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Nearly three quarters of people would consider ‘Pharmacy First’ if there’s a private consultation room: Survey

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Privacy, reassurance and education are essential for Pharmacy First to be adopted by people in England, reveals a Superdrug survey.

From today, thousands of pharmacists across England will be able to offer advice, treatments, and medicines for seven common illnesses under the Pharmacy First scheme.

Patients are being encouraged to visit their pharmacy for sinusitis, sore throat, earache, infected insect bites, impetigo, shingles and uncomplicated urinary tract infections, instead of going to a GP surgery.

But the question is – Are people ready to talk to their pharmacist about these conditions?

New research by Superdrug has highlighted that privacy, reassurance and education are essential for Pharmacy First to be adopted by people in England.

In the survey, more than 70 per cent of respondents said that they would consider the service if there was a private consultation room.

Three-fifths (59 per cent) of the participants were willing to use the service if it was clear the pharmacists were qualified to provide the treatment.

While 63 per cent of respondents said they would use the service if they could get a prescription quicker, two-thirds (67 per cent) were likely to consider the service if they knew what services pharmacists can offer.

While 85 per cent of people positively welcomed the introduction of the service, many were not aware of the different health conditions the new scheme supports.

A third had not heard of impetigo, nearly a quarter had not heard of sinusitis, 18 per cent had not heard of shingles, and 15 per cent had not heard of a UTI (urinary tract infection).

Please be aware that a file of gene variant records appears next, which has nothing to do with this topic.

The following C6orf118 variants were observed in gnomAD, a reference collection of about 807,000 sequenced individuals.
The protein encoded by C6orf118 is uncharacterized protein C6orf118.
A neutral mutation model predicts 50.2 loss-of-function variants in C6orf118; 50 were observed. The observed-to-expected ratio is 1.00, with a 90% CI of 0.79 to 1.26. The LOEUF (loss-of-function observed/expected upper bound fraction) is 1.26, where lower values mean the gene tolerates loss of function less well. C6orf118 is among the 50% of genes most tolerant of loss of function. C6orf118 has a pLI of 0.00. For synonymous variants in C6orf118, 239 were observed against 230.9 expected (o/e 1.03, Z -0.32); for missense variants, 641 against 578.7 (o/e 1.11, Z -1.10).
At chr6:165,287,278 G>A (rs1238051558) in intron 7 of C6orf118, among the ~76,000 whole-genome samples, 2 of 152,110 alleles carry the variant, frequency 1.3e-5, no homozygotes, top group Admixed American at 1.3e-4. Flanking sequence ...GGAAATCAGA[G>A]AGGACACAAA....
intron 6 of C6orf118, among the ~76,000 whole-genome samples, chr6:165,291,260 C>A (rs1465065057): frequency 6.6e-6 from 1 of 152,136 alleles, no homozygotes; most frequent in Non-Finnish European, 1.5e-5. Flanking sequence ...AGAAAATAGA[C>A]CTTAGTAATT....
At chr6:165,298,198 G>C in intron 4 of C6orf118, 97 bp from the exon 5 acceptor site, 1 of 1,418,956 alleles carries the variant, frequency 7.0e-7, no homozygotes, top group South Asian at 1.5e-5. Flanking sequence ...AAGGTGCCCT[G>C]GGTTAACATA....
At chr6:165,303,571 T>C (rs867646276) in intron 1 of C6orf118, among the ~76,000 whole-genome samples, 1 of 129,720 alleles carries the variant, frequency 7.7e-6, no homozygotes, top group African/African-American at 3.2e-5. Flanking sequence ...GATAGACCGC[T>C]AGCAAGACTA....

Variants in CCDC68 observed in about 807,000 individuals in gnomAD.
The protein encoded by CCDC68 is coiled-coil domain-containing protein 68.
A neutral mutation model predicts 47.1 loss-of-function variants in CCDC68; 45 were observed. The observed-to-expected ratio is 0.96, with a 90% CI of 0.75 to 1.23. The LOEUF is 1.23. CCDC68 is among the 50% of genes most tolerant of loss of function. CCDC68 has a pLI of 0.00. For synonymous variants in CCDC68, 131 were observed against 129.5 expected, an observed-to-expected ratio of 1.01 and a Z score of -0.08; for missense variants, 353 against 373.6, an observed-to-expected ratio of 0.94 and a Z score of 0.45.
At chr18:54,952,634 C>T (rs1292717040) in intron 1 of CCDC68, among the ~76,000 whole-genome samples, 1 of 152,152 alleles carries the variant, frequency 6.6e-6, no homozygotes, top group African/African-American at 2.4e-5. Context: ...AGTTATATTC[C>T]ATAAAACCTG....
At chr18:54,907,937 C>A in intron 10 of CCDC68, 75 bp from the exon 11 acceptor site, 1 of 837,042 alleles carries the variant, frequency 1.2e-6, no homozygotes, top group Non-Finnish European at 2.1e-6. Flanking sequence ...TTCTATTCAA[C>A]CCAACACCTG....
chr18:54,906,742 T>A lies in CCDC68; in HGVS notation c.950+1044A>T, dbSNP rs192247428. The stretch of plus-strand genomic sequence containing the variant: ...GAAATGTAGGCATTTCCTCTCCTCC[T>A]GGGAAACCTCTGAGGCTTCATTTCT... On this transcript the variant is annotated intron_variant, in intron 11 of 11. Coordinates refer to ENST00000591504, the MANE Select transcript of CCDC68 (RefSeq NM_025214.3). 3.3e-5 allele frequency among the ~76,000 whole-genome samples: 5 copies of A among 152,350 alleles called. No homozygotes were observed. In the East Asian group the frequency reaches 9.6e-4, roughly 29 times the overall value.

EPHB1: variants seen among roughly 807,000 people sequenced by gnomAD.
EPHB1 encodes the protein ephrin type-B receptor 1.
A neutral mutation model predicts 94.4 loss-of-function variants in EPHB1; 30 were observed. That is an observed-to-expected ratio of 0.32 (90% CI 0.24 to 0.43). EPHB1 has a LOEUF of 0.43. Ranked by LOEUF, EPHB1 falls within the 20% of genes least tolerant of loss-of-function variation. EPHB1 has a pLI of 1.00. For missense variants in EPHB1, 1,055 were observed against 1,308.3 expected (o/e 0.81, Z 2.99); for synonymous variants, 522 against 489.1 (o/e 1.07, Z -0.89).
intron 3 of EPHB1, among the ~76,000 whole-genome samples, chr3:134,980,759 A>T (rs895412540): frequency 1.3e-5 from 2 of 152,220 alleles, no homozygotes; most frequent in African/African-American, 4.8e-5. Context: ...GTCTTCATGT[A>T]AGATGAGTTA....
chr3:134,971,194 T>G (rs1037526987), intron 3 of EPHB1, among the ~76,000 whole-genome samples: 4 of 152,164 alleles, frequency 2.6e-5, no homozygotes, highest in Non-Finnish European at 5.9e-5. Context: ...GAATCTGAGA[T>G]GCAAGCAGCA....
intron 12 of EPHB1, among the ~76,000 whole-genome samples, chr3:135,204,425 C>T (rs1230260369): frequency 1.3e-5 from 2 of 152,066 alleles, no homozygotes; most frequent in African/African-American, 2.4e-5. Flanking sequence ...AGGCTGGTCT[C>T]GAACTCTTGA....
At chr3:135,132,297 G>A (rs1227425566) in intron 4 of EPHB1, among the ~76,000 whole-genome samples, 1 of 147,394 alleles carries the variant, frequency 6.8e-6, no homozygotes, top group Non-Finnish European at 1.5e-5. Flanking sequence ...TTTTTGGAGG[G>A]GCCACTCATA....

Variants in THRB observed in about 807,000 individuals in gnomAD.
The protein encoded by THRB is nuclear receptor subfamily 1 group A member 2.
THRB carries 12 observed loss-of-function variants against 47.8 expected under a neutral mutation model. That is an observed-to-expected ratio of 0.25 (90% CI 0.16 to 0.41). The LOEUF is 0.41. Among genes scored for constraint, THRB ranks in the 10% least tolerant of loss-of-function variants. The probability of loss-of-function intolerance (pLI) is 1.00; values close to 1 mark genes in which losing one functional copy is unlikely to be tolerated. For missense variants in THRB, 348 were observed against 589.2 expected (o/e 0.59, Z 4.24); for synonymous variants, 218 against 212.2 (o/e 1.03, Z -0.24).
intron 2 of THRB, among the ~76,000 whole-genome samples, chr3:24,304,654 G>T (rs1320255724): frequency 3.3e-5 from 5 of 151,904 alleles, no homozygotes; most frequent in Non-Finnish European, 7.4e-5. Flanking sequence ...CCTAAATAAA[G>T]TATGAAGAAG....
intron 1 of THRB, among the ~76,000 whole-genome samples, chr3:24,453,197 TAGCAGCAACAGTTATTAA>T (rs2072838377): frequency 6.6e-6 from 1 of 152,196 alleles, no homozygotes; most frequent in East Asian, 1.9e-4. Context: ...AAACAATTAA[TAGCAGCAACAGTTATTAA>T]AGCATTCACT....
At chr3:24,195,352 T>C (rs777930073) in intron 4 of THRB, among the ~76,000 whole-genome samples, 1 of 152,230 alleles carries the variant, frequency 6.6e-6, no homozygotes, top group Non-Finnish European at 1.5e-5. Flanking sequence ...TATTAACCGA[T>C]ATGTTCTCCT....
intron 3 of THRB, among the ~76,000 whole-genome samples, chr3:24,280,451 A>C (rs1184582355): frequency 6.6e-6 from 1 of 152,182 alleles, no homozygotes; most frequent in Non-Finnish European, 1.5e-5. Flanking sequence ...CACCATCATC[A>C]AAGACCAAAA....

Dave Hughes (left) is the first patient in England to be supplied medication under the Pharmacy First service by Superdrug pharmacist Rahim Rahmani (right) in The Strand, London. Photo credit: Belinda Jiao/PA Wire

What Pharmacy First means for pharmacists?

Pharmacy First is an “excellent opportunity for pharmacists” to utilise their skills and support the health of their local community with this new service, said Niamh McMillan, Superdrug’s Pharmacy Superintendent.

“All pharmacists have undertaken at least four years of training at University and a further year of study after graduating before qualifying as a Pharmacist.

“Pharmacists are experts in medicines and able to support patients with a wide range of different minor illnesses,” she said.

McMillan added that their pharmacists have undertaken additional training ahead of the Pharmacy First launch, covering all seven clinical conditions, clinical history taking and practical assessment skills.

She also assured they have private consultation rooms in every pharmacy to conduct the service and offer healthcare advice.

Ghada Beal, Superdrug’s Healthcare Director, also agreed that this initiative is a fantastic resource for local communities, as pharmacists will be able to supply prescription medications for the seven conditions.

“This means people will be able to access quicker and more convenient care,” she said.

Malcolm Harrison, Chief Executive of the Company Chemists’ Association, expressed confidence the sector will deliver the service successfully and make a strong case for its future expansion to cover further common conditions.

He revealed that more than 10,000 community pharmacies are signed up to deliver the service, which will also free up GP capacity at a critical time for the NHS.

“An ambitious and fully funded Pharmacy First service could free up 30m+ GP appointments annually,” he added.

Superdrug pharmacies have begun offering the new Pharmacy First service from today (31st January).

Rahim Rahmani, a Superdrug pharmacist, uses an otoscope to assess a patient’s medical condition, at The Strand, London, as part of the Pharmacy First service which launches today. Photo credit: Belinda Jiao/PA Wire

 

 

 

 

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